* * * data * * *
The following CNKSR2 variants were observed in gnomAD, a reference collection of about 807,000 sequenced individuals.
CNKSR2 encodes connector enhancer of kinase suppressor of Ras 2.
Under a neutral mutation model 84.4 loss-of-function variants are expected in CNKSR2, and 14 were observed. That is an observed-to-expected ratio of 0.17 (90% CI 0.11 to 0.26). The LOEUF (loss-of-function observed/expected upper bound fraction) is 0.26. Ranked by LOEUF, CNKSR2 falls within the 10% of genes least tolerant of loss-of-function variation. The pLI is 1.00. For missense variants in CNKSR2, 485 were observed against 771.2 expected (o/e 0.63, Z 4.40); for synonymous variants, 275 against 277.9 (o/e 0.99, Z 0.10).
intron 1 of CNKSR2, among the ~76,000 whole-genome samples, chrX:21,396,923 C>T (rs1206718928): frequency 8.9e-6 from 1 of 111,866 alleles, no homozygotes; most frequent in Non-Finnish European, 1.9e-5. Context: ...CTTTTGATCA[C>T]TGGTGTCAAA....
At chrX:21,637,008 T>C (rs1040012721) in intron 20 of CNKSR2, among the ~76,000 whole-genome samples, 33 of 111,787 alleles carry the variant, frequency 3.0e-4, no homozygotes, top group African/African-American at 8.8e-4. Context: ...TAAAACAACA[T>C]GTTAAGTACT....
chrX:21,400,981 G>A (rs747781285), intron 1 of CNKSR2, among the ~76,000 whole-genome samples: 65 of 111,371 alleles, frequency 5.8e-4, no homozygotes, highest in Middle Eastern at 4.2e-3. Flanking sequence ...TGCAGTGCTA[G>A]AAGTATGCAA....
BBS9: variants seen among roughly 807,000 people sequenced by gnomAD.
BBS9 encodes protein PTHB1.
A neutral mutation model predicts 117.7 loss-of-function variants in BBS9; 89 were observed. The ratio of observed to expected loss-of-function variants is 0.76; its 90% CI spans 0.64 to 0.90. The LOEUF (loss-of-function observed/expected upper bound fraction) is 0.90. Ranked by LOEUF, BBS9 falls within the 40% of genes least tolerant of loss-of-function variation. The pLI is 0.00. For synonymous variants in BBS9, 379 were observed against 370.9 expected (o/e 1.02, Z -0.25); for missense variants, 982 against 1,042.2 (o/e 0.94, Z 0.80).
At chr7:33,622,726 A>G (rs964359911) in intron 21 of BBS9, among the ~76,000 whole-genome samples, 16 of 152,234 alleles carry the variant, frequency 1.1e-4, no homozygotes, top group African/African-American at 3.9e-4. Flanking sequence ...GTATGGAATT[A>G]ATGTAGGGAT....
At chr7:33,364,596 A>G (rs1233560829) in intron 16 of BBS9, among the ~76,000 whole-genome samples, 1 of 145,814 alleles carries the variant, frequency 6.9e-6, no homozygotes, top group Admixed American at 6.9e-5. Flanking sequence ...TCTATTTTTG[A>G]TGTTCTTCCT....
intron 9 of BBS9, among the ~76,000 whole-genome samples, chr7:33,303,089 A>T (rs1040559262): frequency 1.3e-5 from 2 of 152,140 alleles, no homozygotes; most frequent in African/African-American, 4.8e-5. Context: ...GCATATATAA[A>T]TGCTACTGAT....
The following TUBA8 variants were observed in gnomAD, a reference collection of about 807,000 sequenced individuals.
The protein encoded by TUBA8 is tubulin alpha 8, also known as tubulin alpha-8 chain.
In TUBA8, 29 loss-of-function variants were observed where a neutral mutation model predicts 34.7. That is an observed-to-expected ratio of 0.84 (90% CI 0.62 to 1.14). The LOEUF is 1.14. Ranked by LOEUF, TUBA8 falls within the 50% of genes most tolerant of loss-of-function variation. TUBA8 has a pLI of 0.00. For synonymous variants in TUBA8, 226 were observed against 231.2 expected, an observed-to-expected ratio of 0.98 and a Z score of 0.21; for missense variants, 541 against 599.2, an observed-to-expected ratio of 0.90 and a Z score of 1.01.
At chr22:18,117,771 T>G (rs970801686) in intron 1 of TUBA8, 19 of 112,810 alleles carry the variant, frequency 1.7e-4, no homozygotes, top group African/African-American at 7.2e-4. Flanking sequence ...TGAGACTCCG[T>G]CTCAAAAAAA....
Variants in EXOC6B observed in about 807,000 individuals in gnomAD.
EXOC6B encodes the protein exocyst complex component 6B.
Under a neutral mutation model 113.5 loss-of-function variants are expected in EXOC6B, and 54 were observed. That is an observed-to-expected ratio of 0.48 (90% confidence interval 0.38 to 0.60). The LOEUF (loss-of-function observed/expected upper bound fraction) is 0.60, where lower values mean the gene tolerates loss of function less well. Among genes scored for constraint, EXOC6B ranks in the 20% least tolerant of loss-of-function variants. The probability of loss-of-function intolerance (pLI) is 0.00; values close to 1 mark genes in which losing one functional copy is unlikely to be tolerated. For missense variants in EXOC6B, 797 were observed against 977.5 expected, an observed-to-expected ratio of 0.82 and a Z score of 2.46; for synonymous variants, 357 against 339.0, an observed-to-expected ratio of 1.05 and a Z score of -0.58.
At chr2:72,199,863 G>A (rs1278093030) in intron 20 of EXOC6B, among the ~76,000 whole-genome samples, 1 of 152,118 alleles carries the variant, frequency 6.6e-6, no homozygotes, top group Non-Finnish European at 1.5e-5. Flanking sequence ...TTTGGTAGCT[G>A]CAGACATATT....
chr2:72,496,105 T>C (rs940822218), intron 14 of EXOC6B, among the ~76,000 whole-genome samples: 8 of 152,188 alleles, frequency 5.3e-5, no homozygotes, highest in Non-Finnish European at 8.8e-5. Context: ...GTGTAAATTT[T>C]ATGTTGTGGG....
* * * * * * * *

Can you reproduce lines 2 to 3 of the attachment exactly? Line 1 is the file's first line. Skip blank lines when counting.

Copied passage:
CNKSR2 encodes connector enhancer of kinase suppressor of Ras 2.
Under a neutral mutation model 84.4 loss-of-function variants are expected in CNKSR2, and 14 were observed. That is an observed-to-expected ratio of 0.17 (90% CI 0.11 to 0.26). The LOEUF (loss-of-function observed/expected upper bound fraction) is 0.26. Ranked by LOEUF, CNKSR2 falls within the 10% of genes least tolerant of loss-of-function variation. The pLI is 1.00. For missense variants in CNKSR2, 485 were observed against 771.2 expected (o/e 0.63, Z 4.40); for synonymous variants, 275 against 277.9 (o/e 0.99, Z 0.10).